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Between May 25-27, the musical "sold more tickets in a single weekend than any other Northlight production ever at the North Shore Center for the Performing Arts in Skokie," a spokesman said. It's "the second fastest starter" to Northlight's all-time box office record-holder in its 26 year history, Always Patsy Cline in 1994.

Performances of The Last Five Years were originally announced to run to June 24. Previews began May 16.

The two-person tuner follows the relationship of a "nice Jewish boy" and an Irish Catholic girl in New York City. During a five year period, they fall in love, marry and their bond loosens into divorce. Tom Murray musical directs. Brown is in residence at Northlight during the run of the staging, and conducts the six piece band (and plays piano).

Insiders say the show is crafty and on a small enough physical scale that it will eventually be a hot property on the regional theatre market.

Butz appeared as Roger in Rent on Broadway, toured as the Emcee in Cabaret and was featured in the recent Off-Broadway staging of Saved. Kennedy's credits include the recent Arlington, VA, staging of The Rhythm Club, Broadway's Side Show and Sunset Boulevard in New York and Los Angeles and tour.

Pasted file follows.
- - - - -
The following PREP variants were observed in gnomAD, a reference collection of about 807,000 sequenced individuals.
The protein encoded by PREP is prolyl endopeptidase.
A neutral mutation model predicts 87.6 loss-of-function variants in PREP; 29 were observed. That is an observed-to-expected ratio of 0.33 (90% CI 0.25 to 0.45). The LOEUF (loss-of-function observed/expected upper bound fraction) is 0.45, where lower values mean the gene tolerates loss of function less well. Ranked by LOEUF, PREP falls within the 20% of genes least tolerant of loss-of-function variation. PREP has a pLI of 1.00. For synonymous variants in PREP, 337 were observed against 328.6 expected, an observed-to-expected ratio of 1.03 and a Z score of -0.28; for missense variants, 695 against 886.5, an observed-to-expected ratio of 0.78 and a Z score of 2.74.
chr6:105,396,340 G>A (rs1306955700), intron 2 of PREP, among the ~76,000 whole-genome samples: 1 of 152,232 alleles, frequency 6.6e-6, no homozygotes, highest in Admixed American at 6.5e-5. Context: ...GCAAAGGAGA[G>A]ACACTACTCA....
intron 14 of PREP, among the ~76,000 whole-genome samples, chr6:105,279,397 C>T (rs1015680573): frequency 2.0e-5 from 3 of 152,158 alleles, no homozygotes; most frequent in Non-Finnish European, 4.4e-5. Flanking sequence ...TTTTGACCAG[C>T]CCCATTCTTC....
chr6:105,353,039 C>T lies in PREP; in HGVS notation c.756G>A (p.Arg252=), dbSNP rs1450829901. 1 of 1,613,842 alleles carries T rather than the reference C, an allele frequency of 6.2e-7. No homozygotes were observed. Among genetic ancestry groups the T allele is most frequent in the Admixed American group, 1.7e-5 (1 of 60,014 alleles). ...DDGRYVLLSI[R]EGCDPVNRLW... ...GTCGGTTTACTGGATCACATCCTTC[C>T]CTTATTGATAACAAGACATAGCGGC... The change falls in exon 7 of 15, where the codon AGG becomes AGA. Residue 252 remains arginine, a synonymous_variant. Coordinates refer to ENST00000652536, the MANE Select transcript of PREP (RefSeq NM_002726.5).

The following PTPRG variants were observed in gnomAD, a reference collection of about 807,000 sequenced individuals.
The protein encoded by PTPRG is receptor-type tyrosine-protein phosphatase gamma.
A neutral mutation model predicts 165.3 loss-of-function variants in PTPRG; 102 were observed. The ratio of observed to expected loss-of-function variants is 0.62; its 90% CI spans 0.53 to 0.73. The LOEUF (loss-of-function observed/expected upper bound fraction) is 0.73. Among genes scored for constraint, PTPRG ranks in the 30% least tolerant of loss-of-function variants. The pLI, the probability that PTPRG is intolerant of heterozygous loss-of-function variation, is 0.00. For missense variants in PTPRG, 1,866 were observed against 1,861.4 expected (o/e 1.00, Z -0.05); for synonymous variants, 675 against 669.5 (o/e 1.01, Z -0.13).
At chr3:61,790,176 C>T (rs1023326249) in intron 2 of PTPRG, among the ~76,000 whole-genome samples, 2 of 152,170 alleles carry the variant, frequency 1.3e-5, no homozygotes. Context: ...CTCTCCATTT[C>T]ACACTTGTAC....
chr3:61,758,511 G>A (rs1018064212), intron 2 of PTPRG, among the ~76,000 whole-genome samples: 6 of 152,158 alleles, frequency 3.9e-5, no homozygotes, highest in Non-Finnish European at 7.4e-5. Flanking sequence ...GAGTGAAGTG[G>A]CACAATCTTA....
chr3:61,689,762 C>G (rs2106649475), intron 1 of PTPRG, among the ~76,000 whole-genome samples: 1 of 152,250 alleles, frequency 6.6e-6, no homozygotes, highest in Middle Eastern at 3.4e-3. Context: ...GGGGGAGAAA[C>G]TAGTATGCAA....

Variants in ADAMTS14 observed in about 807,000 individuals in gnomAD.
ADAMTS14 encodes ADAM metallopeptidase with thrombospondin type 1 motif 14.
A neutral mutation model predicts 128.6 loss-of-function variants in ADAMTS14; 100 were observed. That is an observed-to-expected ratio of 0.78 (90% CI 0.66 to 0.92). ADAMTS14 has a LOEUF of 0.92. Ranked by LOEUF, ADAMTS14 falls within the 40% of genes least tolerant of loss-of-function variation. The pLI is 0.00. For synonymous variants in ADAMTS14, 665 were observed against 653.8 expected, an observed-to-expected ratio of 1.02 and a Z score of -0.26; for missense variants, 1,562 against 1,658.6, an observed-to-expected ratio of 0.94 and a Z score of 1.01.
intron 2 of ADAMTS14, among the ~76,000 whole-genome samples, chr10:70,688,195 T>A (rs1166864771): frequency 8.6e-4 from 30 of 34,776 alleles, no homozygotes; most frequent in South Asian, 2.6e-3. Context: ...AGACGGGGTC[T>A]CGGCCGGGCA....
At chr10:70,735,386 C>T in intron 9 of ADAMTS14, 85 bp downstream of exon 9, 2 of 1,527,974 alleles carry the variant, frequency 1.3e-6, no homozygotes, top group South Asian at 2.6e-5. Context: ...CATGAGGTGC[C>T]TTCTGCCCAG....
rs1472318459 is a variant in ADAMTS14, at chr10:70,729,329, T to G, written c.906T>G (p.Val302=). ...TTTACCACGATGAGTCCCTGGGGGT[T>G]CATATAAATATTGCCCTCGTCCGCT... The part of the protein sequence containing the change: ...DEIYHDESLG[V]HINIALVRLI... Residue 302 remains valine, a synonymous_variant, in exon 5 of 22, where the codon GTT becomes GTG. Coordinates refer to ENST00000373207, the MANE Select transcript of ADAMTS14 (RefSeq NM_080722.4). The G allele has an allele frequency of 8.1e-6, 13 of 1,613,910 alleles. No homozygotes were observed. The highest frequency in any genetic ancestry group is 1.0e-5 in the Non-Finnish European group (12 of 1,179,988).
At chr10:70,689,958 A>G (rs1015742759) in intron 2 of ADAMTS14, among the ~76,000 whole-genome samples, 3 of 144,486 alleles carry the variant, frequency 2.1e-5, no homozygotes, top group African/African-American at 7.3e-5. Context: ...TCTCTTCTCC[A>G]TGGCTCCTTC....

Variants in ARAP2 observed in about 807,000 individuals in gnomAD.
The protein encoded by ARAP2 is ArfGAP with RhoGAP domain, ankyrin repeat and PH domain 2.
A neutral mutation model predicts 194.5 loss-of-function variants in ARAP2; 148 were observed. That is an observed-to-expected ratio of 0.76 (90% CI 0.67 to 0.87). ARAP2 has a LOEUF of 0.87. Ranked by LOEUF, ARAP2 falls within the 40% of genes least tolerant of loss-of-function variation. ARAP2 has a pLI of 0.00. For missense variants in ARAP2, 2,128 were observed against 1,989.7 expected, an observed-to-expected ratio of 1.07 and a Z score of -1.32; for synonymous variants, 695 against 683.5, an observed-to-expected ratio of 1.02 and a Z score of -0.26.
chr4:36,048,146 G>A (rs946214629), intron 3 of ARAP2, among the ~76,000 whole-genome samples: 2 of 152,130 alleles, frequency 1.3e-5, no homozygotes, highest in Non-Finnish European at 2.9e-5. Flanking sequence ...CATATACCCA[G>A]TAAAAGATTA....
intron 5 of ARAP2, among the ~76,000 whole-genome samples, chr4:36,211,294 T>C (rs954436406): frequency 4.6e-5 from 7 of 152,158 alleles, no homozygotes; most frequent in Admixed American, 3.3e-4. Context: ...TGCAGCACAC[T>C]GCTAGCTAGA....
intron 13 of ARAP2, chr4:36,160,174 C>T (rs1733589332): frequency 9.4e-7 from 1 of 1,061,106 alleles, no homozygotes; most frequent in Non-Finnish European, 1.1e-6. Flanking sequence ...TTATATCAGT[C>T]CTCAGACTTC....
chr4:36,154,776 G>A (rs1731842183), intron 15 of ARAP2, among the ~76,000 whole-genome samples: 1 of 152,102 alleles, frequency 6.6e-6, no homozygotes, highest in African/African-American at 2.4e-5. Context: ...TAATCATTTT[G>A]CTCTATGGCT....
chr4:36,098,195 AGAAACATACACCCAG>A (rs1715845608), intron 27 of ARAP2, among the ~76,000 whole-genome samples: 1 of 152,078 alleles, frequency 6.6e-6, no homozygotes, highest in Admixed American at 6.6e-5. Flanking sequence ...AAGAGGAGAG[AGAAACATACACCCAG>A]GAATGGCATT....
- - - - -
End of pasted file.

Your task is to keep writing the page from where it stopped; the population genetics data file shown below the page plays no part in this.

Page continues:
The conceit of The Last Five Years has the woman, Kathleen, an actress, beginning her story at the end of the relationship and working her way back, and Jamie, a novelist, starting from the first date and working forward. They sing together only once, in the middle of the play, at their wedding.

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"I find it incredibly close to the bone, especially being a performer myself," observed Northlight artistic director B.J. Jones. "This deals with an actress and a novelist. When one career takes off and the other doesn't, I think that's close to the bone for anyone in this day and age of two-career partnerships. All the while, it's very funny and the structure has a wonderful sort of counterpoint quality; it makes each song more resonant because of where it lies in the journey."

Jewish and Irish musical themes are woven with contemporary pop and Broadway sounds to create a multicultural urban atmosphere.

Brown was music director of Dinah Was, which Northlight presented in 1998-99. Subsequently, he accepted Northlight artistic director Jones' offer of the 350-seat Skokie Northlight venue for the premiere of a vest-pocket musical. Brown was working on a two-person show for Lincoln Center that the New York non-profit wasn't ready to do, and Brown and Lincoln Center said Northlight could test it. The show turned out to be The Last Five Years, which has some spoken dialog in it, but is mostly sung-through.

The design team is Beowolf Boritt (set and costumes), Chris Binder (lighting) and Rob Milburn, Michael Bodeen and Ray Nardelli (sound).

Northlight Theatre has a $2.1 million annual budget and is the resident producing theatre (using two venues) at the North Shore Center for the Performing Arts, at 9501 N. Skokie Blvd. in Skokie. The troupe has 9,000 subscribers.

For information, call (847) 673-6300 or try the web site at www.northlight.org.

— By Kenneth Jones